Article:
Is it a result or a pre-requisite? Resilience is a word the importance of which, I hear about a lot these days, especially pertaining to adolescents. That ability to bounce back and see the glass as half full and not half empty, to possess a level of self control, to be respectful, sensible and believe in your ability to manage problems is congruent with resilience. Your writing is resilient Mabel, especially as you define resilience and it is clear that you have found strength in your thinking and how this can and does transpose this to your life. Memories may shape and sustain us but it is our own thinking about them that dictates whether they are positive or negative. Routine can be restrictive of spontaneity or it can be comforting. If it is comforting, must it not therefore also be satisfying?

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    2. Agree strength is subjective…and so is wisdom. In fact, a lot of ideas in this world is subjective and their meaning changes when perspective changes. To me, routine is comforting and it is actually also satisfying. Maybe it’s because I don’t live for achievements, recognition and awards, and am very happy just letting things be – and boring isn’t entirely boring to me.

      It is very kind of you to say that about my writing, Amanda. Interesting to hear you equare to resilence to a glass half full. We do need to be positive if we are to strive ahead and not give up after falling down or going through challenging times. However, I live by the idea to be thankful for even having a glass in first place – something to make magic out of. This way of thinking has helped me to not get ahead of myself and to be realistic.

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    3. Oh I like what you said there, Mabel. Being thankful for having a glass in the first place, something to make magic out of!! I was speaking to a teacher just this morning and we agreed that many high school students of today have a growing and concerning, “sense of entitlement” – whether this is good or bad, I am not here to debate, however, I think having that sort of sense, can result in a big head/ego, and not keeping it real! They miss out on opportunities to be thankful, which creates feelings of contentment. Perhaps this quote from Ecclesiastes could be added to our book?

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    4. It is always easy to lapse into a sense of self-entitlement because it give us a feeling of comfort. I think that is a great idea to have Ecclesiastes to our book. I was thinking exactly the same 🙂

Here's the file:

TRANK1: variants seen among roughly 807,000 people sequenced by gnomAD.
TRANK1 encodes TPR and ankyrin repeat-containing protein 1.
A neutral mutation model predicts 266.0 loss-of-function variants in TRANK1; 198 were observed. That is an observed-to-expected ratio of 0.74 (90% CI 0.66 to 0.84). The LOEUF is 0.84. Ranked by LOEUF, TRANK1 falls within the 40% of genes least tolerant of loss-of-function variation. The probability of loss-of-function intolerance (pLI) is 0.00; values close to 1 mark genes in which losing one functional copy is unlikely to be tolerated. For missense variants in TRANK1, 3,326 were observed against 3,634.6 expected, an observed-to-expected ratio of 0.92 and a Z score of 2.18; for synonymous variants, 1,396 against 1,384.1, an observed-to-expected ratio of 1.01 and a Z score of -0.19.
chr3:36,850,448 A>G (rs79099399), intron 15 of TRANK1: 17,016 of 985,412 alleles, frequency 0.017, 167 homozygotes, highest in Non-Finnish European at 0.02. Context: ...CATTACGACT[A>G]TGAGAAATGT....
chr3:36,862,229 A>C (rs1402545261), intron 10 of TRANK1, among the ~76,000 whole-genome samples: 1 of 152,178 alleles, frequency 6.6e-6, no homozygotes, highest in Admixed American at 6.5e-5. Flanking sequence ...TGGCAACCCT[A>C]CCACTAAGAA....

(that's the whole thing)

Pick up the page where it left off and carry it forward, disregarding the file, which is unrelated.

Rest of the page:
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  3. Good to know the books is becoming useful. The first quote is rather like ‘the pen is mightier than the sword’. But I especially like the Harris quote about the importance of memories, and the fact that good habits (and manners) come first.

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    1. Yes the book is a gem. Thank again!! Manners, wow I could write a page in that fast disappearing tradition. Is it because people are rushed, distracted or feel manners are not important? I think manners help us to notice appreciate other people ‘s acts as well as being respectful to people themselves. It costs nothing but goes a long way towards developing rapport!!

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    1. As Peggy said, it is a little like the saying about the pen being mightier than the sword. Wisdom can be wielded in many different ways, whereas strength is utilized in a more direct linear way. Having said that, I guess that strength can be displayed in an emotionally sense too, so might that person be considered wise and strong?

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  4. wonderful sayings. Strength counts in the animal kingdom, that is the rule of nature, so that the strong and resistant prevails. The moment the mind and the ego are added, the strength is not only less important than wisdom, but dangerous, as history shows. It is time to establish a general validity in society that wisdom is far beyond strength. Only then can we redirect all the mistakes we make to nature and mankind in a better direction.
    And children need good habits and nice memories. Yes, that’s the most important thing for them to become self-responsible and self-confident and fair adults. And that only works with a lot of love, understanding and a lot of time given to the children. treat your children as if they are a part of you and you can rightly participate in their joys and successes.

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    1. Oh it is good to hear from you again, Anie! You have the ability to clarify just what I am trying to articulate! When the ego and mind is added, wisdom is essential for a mature, well adjusted approach to life.
      As for the children – they thrive better on routine. Routine engenders habits. No routine gives them no structure or direction, just an aimless experiential existence. Showing love and kindness, giving them of your time and most crucial, listening to them are all important aspects of engendering good memories. However I will make one comment about treating them as if they were a part of you. This works perfectly until they become adolescents and then you must untie those apron strings as they are ready to fly on their own!